I am a fine artist working at the interface of printmaking, exploring relationships and communication through repetitive action. My interdisciplinary practice is heavily influenced by an architectural background, mathematical investigations and an interest in augmenting digital technologies. Working across parallel processes, I am interested in unforeseen shifts that occur from translating my experimental print-based works into 3D forms and back again. Operating at varying scales and working in series or multiples, I explore my ideas and research through risograph printmaking, etching and blind embossing, which I extended into sculptural forms. I often draw upon sound and moving image throughout the process of making and consider the outcomes of my work as visual databases. The reproducible nature of the mediums I engage with echo technological reproduction and offer a means for me to reconcile tensions between the analogue and the digital, and temporality.
A key concern of my practice is the reframing of printmaking as a liminal site of interdisciplinarity in the context of examining the surfaces between adjacent disciplines. For me, this manifests in a visual conversation with the abstraction of the grid informed by the rhythm of reproducible printmaking processes. Drawing on theory from sociology, and science and technology studies, I recognise the grid as a boundary object — a form of information that can be examined in differing ways, scales and by differing audiences. A defining feature of such boundary objects is their ability to ‘tack back and forth’ between being specific and abstract, which aligns with tracing the (re)translation of my own works back and forth between 2D and 3D in the pursuit of ‘individuated copies’.
Translating The Individuated Copy investigates the translation of the grid as a boundary object. This work continues themes identified in my ongoing research, which is concerned with ideas surrounding augmenting technology, ‘the individuated copy’ and notions of ‘indirect’ gesture. The project is process-led, working initially without a fixed outcome to allow processes to define the direction of the research. Exploring the autotelic nature of process as outcome also informs my line of inquiry.Transitions and (re)translations between 2D and 3D and back again trigger investigations surrounding reproducibility and the liminal spaces between 2D and 3D. Iterative grids are continuously abstracted through risograph, blind embossed, relief and intaglio printmaking, in parallel with ceramics, plaster casting and laser-etched experiments in acrylic. The result is an expanding body of research surrounding interdisciplinary practice, mark making, and how printmaking might function at the boundaries of other disciplines.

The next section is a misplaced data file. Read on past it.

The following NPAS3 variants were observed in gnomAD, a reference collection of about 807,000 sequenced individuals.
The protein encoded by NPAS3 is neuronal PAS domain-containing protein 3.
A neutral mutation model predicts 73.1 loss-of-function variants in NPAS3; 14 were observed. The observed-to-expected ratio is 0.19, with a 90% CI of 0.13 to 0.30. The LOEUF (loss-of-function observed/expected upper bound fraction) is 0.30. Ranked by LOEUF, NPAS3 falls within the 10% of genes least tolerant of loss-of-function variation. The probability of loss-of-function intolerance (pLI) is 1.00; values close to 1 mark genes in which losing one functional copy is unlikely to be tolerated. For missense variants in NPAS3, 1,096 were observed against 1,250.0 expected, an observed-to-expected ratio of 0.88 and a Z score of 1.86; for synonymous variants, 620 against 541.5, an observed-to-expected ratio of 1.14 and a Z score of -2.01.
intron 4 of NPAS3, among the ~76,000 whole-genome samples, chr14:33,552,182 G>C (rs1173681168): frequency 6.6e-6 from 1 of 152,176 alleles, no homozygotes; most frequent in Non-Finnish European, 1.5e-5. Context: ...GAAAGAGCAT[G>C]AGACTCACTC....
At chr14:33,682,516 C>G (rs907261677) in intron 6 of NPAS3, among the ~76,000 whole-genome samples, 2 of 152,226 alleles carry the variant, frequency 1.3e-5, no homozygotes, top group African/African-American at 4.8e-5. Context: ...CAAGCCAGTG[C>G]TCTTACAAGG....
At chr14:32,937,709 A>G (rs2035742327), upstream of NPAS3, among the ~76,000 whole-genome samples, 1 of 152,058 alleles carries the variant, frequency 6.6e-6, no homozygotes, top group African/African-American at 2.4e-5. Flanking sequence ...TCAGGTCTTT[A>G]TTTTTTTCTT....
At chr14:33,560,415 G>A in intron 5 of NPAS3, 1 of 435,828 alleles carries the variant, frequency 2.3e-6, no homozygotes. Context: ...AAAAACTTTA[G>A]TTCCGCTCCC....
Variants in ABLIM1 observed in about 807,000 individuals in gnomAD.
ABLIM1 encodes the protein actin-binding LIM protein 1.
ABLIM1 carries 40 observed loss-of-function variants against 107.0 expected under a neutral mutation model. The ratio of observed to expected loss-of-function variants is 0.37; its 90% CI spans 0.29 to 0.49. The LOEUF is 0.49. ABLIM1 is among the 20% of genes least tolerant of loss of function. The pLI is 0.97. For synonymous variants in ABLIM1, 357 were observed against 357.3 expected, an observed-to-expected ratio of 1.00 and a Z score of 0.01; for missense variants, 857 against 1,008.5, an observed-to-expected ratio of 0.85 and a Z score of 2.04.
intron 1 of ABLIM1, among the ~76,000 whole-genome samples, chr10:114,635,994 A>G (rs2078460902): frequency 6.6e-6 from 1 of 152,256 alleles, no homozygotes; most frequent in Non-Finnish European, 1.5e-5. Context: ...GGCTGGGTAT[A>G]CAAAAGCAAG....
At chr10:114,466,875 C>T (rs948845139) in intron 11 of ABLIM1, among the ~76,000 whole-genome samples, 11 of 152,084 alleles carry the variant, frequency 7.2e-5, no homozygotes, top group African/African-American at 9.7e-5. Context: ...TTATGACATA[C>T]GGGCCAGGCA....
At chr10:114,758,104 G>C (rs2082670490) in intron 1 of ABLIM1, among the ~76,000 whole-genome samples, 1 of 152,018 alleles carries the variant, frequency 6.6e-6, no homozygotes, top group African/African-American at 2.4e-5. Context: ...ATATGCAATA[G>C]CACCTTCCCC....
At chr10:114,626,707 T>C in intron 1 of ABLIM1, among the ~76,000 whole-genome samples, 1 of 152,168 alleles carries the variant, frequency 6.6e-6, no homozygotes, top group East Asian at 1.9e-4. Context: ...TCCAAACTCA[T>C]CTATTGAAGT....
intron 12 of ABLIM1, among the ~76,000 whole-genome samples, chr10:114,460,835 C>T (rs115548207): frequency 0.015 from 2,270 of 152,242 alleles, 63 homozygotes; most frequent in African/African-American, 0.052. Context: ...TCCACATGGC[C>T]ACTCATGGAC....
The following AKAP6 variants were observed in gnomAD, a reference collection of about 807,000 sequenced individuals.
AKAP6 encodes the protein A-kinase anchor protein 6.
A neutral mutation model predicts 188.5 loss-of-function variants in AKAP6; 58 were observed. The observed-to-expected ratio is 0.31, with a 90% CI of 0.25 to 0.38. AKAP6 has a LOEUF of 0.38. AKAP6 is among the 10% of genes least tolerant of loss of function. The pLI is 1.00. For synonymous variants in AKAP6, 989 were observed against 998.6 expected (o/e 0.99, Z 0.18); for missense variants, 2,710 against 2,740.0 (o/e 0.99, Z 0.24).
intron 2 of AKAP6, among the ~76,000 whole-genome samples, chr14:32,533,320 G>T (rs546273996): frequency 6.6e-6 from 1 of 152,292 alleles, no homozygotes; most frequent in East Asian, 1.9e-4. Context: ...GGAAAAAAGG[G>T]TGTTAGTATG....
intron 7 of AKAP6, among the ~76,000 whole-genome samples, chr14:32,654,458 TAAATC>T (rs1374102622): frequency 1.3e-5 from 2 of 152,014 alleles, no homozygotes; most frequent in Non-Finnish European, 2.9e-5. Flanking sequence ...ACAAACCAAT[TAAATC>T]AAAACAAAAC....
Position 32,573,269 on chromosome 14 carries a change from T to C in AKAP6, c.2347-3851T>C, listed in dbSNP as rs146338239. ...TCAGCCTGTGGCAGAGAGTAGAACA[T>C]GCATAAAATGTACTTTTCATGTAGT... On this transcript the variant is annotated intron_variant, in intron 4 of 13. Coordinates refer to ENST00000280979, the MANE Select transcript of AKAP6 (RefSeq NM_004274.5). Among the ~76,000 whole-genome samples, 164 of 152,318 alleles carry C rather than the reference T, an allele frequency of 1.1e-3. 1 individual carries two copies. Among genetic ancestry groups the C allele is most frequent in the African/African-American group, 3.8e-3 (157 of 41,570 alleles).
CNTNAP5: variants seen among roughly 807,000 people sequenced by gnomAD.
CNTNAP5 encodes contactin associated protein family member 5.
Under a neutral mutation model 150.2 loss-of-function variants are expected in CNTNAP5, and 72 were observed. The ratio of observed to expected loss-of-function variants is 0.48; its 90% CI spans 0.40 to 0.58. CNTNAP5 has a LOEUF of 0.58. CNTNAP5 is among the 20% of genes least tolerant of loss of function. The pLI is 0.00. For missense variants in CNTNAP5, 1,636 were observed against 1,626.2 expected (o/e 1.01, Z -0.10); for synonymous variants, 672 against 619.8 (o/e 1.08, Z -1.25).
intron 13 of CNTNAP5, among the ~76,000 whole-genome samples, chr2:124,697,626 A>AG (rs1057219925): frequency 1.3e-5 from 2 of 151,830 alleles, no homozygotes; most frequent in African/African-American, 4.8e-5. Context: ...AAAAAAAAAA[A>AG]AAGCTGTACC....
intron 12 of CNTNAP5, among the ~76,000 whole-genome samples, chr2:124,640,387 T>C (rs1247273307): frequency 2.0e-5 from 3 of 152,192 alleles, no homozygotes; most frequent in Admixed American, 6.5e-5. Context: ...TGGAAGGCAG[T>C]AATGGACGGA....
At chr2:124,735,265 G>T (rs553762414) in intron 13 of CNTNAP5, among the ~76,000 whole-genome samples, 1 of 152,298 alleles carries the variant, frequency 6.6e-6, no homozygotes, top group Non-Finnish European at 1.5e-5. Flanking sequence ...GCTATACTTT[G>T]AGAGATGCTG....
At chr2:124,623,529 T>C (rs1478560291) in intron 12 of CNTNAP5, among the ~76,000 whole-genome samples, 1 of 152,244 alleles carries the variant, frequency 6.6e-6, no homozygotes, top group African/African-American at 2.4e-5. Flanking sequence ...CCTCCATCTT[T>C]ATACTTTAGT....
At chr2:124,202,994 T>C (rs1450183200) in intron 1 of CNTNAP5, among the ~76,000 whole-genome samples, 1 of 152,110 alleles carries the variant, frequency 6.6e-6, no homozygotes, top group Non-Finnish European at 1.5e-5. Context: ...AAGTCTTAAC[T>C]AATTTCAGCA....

The final body of work documents a physical visual database that traces my iterative process, comprising a series of large-scale, floor-based, giclée prints; a grid-based, curated collection of 2D and 3D works of varying scales that function as a record of the methods used in the making of the large-scale works; a custom-made, pantograph drawing machine; a series of large-scale drawings made from the pantograph; and a video work of the pantograph in action.